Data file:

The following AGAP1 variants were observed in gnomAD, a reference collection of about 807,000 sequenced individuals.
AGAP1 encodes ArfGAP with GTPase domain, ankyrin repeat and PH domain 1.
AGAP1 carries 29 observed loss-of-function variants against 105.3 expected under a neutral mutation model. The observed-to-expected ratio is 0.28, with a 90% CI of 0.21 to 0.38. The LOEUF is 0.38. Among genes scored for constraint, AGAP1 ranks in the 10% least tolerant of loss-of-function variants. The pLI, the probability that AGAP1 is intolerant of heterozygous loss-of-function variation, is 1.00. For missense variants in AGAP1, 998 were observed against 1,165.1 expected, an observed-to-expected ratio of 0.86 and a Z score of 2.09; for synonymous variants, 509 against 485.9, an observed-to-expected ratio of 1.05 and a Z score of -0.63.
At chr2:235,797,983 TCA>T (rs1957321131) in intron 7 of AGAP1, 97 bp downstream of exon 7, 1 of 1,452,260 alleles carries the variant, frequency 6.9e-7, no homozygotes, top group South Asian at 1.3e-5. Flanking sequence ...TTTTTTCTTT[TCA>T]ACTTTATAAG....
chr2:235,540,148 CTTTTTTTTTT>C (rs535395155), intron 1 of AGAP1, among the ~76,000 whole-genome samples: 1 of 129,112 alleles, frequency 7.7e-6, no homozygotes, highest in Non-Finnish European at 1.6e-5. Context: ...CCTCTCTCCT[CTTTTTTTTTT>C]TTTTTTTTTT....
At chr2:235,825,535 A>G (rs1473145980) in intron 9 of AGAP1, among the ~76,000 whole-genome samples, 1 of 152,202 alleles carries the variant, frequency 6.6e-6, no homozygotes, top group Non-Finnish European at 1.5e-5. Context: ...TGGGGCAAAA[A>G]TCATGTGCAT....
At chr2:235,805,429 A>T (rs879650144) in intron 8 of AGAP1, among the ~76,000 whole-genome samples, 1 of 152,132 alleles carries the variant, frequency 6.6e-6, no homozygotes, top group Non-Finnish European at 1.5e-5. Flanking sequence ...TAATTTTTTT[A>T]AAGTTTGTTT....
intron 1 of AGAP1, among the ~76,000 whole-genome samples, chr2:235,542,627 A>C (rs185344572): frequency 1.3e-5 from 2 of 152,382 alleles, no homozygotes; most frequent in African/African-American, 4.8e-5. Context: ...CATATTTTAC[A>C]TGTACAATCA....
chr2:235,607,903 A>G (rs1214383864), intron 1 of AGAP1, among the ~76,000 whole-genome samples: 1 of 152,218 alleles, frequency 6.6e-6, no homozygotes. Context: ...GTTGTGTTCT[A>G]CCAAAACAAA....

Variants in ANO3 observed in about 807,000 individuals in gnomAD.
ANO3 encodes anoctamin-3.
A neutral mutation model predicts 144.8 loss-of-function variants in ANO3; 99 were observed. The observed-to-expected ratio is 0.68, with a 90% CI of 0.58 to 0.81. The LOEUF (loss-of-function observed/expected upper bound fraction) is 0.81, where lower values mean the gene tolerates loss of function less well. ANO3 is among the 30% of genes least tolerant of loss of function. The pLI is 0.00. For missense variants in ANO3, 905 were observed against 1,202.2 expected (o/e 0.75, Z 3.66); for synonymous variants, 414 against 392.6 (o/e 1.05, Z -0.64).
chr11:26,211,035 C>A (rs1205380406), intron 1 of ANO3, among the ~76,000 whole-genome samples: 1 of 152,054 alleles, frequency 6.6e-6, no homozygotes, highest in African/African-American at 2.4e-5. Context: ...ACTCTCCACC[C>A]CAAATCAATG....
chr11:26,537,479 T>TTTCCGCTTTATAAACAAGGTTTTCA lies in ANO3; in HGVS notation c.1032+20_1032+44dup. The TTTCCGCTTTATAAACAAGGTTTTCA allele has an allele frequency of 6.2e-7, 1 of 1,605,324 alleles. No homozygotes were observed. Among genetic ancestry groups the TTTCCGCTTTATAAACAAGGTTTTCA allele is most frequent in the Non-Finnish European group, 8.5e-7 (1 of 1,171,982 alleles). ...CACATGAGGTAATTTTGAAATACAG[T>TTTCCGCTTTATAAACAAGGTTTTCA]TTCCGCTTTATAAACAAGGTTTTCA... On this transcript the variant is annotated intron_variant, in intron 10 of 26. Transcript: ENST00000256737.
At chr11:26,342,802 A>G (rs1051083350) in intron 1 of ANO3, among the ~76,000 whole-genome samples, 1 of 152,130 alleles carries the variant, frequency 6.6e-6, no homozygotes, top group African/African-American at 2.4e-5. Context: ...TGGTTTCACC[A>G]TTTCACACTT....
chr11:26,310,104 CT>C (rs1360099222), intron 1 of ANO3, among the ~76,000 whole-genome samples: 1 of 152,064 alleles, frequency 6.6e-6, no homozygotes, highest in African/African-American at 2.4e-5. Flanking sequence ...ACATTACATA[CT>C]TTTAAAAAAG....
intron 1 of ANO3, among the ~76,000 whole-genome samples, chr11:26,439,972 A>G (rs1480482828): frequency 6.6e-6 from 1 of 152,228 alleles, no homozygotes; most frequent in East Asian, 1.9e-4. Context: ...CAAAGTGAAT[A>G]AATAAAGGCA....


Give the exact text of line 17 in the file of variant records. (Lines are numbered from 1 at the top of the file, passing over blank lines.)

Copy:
intron 1 of ANO3, among the ~76,000 whole-genome samples, chr11:26,439,972 A>G (rs1480482828): frequency 6.6e-6 from 1 of 152,228 alleles, no homozygotes; most frequent in East Asian, 1.9e-4. Context: ...CAAAGTGAAT[A>G]AATAAAGGCA....